1917 wins big at baftas and with charity ambassadors

Ahead of winning 7 prizes last night at the BAFTAs, 1917 Dean-Charles Chapman and George Mackay and director Sir Sam Mendes spoke with former soldiers and Help for Heroes ambassadors Barrie Griffiths and Paul Colling.

The two Veterans, who were both medically discharged from the British Army, are now ambassadors for the military charity Help for Heroes – who were given the unique opportunity to ask the stars of the film about their experiences on-set and compare stories.

Sam Mendes told the Help for Heroes ambassadors that the film stems from a story Mendes’ grandfather told him he said:

“It’s the first time I’ve ever told a story so personal.”

When the veterans asked if his grandad often spoke of his experiences of serving in World War 1, Mendes replied

“He spoke about his experiences of the war but the most articulate thing for me was that he never spoke about it until he was in his 70’s and that itself told me something – he wasn’t ready to and it was too difficult for whatever reason. That’s a common thread through war experiences.”

Royal Air Force veteran Barrie told the director how poignant he found the film:

“Certainly from my own perspective, particularly In terms of the casualty handling, it resonated an awful lot in terms of our own experience of being on a battlefield and then surviving. There was no Help for Heroes in those days to be able to pick up the mantel.”

Barrie was injured in 2003 while carrying heavy gear on a loaded march, he felt something shift in his back. Barrie suffered a spinal prolapse which compressed his spinal cord. It triggered many symptoms relating to spinal cord injuries and resulted in a loss of all functionality from the waist down.

Barrie continued:

“I had some fairly significant physical injuries which impacted on my ability to be able to do my job and I was working much harder to compensate for that. The loss of a lot of your bodily functions has a major impact, and my self-esteem really suffered. I went to some very dark places mentally. I now have a fair degree of functionality physically, but the mental health issues never really go away.”

Barrie continued serving, but after 12 years was medically discharged from the British Armed Forces in 2015.

Barrie told George Mackay and Dean Charles Chapman that the film was moving as on operational tour – he had to go from conflict zones to caring for civilians, something that is also depicted in the film.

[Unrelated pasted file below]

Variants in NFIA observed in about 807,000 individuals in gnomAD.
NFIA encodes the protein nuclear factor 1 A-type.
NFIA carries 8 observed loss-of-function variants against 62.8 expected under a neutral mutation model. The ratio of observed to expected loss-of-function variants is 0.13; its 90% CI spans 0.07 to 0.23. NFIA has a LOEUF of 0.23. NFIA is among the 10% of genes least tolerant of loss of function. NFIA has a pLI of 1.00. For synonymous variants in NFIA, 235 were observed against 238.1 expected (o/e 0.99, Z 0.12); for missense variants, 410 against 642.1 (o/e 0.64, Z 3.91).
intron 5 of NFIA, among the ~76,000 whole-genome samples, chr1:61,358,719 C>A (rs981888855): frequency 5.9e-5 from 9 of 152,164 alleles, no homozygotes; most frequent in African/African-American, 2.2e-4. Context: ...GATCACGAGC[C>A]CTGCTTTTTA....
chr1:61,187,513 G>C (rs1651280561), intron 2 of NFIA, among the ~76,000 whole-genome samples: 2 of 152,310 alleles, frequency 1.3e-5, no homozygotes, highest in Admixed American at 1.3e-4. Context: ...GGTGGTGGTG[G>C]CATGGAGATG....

George Mackay told the veterans the mind frame he had to be in to play this. He said:

“The same hands that can take such care can also be a part of such violence for whatever reason in either direction – it’s perhaps true of life the way that you are the middle point between actions or experiences.”

Joining Barrie, was Help for Heroes ambassador Paul Colling – Paul served as a physical trainer in the Signals, but an injury sustained early on in his career was to have enduring consequences; Paul sustained a traumatic ankle injury, damaging the ligaments, tendons and cartilage during a training exercise.

Despite his injury causing him frequent bouts of pain, Paul went on to have a successful career. But in 2017 his career came to a sudden end; another training exercise had caused more damage.

Paul said:

“They scanned my leg, and I was told I had to leave. It was like my world ended. Who you are, everything you’ve worked for, everything you wanted to achieve just gone.

“I think that was the first time I’ve ever been mentally broken. It snapped me.”

Both Paul and Barrie spoke of the support from charities like Help for Heroes having a huge impact on theirs and their families lives – something that wouldn’t have existed in 1917.

Dean Charles Chapman said: 

“That’s why I think that charities are so brilliant because the help it gives people. It’s not only about the soldiers it’s about people outside the war back in normal life, it’s their family members that are also struggling.”

Both Barrie and Paul are two of the almost 40,000 men and women who have had to leave the British Armed Forces in the past 20 years due to injury and illness. Help for Heroes is calling for an independent review into the medical discharge process to help all wounded veterans stand strong.

You can find out more about their 40,000 Strong campaign at www.helpforheroes.org.uk/40thousandstrong